Davos Diary: SA more popular; New Venezuelan “leader” recognised; Ramaphosa off-piste again

By Alec Hogg

Davos 2019 – this coverage of the global conversation on change is brought to you by BrightRock, the first ever needs matched life insurance that changes as your life changes.

It’s Thursday, January 24th, from Davos. I’m Alec Hogg.

SA’s president, Cyril Ramaphosa, announced in Davos yesterday that the country would hold a second investment conference this year to progress the plan to raise $100bn in new fixed investment in five-years. He said the country is on track to achieve this audacious target with a total of $20bn committed in the year after the project was launched. Ramaphosa says he has been encouraged by the response from potential investors that he’s met at the WEF meeting here, with a number of them informing him that they intended to significantly increase their initial obligations. He holds an investment seminar over breakfast this morning, before flying back to SA tonight and then onto India, where he is the guest of honour in the 70th birthday celebrations.

Well, the first day of Davos this year was dedicated to global environmental threats. On Wednesday, challenges posed by the mushrooming of Artificial Intelligence (AI) took over at the top of the Davos agenda. Among the numerous focus points is the launch of a WEF initiative aimed at civil society to prepare for and respond to the Fourth Industrial Revolution (4IR). The three-year initiative is called ‘Preparing civil society for the 4IR,’ what else, and is aimed at assisting the 350m people who work for NGOs around the world.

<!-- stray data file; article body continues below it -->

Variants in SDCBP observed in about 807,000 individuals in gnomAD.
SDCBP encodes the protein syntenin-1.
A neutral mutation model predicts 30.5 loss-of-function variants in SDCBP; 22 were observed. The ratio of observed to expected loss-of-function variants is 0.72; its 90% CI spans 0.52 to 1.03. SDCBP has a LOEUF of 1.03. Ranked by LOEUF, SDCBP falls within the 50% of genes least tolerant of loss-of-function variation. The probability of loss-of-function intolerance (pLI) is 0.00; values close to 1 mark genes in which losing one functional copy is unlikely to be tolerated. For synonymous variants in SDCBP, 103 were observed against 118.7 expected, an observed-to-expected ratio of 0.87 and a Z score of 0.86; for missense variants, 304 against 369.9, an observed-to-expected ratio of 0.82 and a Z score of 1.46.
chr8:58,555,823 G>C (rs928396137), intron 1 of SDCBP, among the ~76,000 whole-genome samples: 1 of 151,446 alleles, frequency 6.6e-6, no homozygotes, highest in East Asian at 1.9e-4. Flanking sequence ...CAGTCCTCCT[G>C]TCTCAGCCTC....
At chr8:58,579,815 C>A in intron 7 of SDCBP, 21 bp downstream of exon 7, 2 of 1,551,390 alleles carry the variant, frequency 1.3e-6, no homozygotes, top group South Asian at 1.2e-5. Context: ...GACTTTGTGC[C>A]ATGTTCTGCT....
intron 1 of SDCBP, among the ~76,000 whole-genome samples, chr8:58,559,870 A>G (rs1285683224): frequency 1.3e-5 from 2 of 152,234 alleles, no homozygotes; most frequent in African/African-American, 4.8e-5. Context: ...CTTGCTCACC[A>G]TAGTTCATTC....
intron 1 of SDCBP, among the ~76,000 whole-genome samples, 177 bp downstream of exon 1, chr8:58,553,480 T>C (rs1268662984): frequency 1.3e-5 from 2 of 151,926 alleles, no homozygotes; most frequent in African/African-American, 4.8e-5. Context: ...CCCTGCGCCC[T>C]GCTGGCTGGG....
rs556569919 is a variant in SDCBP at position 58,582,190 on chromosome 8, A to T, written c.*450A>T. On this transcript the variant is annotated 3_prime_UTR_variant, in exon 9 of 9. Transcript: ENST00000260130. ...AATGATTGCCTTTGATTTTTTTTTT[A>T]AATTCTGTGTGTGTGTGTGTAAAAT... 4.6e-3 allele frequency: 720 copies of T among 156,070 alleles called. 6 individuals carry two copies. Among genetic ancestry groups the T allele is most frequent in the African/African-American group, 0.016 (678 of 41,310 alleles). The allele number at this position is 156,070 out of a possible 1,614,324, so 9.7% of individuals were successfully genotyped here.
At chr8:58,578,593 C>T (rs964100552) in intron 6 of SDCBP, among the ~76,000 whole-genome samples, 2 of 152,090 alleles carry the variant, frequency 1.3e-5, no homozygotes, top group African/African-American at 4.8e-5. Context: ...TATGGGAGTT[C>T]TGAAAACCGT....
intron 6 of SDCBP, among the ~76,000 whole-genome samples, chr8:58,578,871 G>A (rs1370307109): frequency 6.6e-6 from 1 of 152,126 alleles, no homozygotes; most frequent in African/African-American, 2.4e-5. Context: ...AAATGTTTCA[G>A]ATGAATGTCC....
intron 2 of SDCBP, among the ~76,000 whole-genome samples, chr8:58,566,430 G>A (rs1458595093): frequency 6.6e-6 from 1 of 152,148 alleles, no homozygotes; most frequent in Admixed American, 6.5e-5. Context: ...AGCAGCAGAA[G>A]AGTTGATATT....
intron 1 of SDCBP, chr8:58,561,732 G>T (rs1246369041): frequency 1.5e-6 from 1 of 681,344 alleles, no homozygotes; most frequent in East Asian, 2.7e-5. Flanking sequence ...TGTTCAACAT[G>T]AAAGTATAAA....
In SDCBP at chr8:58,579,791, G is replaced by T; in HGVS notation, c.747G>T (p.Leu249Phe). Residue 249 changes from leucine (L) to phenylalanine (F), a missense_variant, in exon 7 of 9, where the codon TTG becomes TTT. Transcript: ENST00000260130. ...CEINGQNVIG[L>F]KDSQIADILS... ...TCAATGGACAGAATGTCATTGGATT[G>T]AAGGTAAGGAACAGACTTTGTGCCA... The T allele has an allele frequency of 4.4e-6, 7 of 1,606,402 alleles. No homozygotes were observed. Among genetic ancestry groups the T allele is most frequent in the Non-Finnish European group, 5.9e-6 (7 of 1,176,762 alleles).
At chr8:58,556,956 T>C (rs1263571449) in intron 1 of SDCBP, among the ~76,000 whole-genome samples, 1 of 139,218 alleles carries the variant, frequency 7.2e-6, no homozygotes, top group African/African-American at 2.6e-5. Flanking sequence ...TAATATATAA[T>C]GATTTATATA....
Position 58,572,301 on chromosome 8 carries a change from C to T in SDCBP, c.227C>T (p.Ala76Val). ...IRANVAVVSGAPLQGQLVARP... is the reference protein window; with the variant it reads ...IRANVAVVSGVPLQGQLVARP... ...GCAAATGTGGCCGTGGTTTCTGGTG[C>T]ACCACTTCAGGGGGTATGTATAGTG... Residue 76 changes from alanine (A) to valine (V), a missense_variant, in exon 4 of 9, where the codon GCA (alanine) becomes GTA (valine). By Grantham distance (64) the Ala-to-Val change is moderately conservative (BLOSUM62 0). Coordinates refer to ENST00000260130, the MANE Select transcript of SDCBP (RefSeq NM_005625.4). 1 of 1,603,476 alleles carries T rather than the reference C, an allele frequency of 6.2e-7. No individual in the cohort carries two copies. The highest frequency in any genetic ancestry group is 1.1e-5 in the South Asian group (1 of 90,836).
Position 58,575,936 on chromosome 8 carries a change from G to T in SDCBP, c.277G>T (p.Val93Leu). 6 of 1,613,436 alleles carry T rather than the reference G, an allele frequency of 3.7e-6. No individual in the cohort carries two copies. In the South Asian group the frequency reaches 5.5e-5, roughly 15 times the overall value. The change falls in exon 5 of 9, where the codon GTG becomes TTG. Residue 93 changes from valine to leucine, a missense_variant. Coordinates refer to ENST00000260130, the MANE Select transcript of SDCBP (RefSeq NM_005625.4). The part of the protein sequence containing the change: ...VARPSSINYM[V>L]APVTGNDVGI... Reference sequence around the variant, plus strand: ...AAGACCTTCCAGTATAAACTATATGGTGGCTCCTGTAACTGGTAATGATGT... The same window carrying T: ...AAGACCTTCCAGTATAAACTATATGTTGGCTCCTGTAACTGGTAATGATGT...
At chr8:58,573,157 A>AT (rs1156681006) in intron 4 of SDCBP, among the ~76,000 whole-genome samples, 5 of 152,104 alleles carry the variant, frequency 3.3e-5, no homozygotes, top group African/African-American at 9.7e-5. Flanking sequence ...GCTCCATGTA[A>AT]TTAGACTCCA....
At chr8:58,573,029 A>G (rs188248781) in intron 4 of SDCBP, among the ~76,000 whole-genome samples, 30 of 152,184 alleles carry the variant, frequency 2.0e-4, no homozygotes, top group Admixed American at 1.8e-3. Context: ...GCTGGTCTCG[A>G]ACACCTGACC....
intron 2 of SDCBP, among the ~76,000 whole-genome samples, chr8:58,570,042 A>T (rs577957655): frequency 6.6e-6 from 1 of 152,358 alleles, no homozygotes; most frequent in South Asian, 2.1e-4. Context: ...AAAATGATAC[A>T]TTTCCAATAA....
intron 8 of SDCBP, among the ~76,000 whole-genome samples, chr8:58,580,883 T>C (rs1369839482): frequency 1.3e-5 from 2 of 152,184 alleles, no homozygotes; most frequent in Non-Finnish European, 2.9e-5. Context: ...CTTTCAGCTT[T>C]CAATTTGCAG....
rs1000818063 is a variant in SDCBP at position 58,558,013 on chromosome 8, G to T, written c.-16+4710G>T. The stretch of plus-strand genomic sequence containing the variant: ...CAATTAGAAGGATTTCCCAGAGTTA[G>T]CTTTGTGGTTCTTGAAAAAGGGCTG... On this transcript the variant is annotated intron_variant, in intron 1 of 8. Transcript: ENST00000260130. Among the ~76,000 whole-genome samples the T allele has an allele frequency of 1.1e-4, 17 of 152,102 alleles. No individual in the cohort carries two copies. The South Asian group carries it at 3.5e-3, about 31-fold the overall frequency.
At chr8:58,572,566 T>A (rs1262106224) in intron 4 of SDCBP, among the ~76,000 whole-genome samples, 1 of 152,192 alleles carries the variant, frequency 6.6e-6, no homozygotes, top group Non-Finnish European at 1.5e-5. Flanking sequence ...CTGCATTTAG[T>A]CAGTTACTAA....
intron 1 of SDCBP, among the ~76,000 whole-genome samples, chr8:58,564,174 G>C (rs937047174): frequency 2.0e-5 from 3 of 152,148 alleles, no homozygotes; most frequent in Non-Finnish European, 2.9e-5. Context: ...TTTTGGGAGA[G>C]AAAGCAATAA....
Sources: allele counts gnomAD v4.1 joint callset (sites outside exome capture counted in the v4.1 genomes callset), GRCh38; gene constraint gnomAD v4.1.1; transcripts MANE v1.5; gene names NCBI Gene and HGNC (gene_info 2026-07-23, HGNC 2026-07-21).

In a brief statement in Davos last night, Brazil, Peru, and Colombia have recognised the Venezuelan opposition leader, Juan Guaidó, as interim president, following an earlier declaration, tweeted of course by US president, Donald Trump. Venezuela’s leader, Nicolas Maduro’s rule of the country has drawn increasing attention as was back in the headlines as the world watched the youthful Guaidó, newly elected head of the National Congress being sworn in as the country’s leader. He was cheered by thousands of anti-government protestors who have, once again, taken to the streets. Guaidó took the oath of office holding the country’s constitution in his left hand. The event has special significance as it was done on a national holiday, to celebrate the forcing from office of Venezuela’s last dictator, some 61 years ago. When I asked former Venezuelan minister of industry, Moisés Naím, who is here in Davos and now a well-known author for comment on how he views what is happening in his homeland. His answer was brief, “I have no words.”

And ending on a South African note president, Cyril Ramaphosa, delivered another inspiring and unscripted speech to the annual Brand SA dinner in Davos last night. He reiterated the need for the country to build on a unique ability it has to put all of the key parties around the same table, government, business, labour and civil society so that they can debate matters of importance. Ramaphosa said, doing so was especially important in the light of challenges posed by the 4IR to traditional job creation programs.

This has been your BizNews Flash Briefing, until the next time, cheerio.

Davos 2019 – this coverage of the global conversation on change is brought to you by BrightRock, the first ever needs matched life insurance that changes as your life changes.

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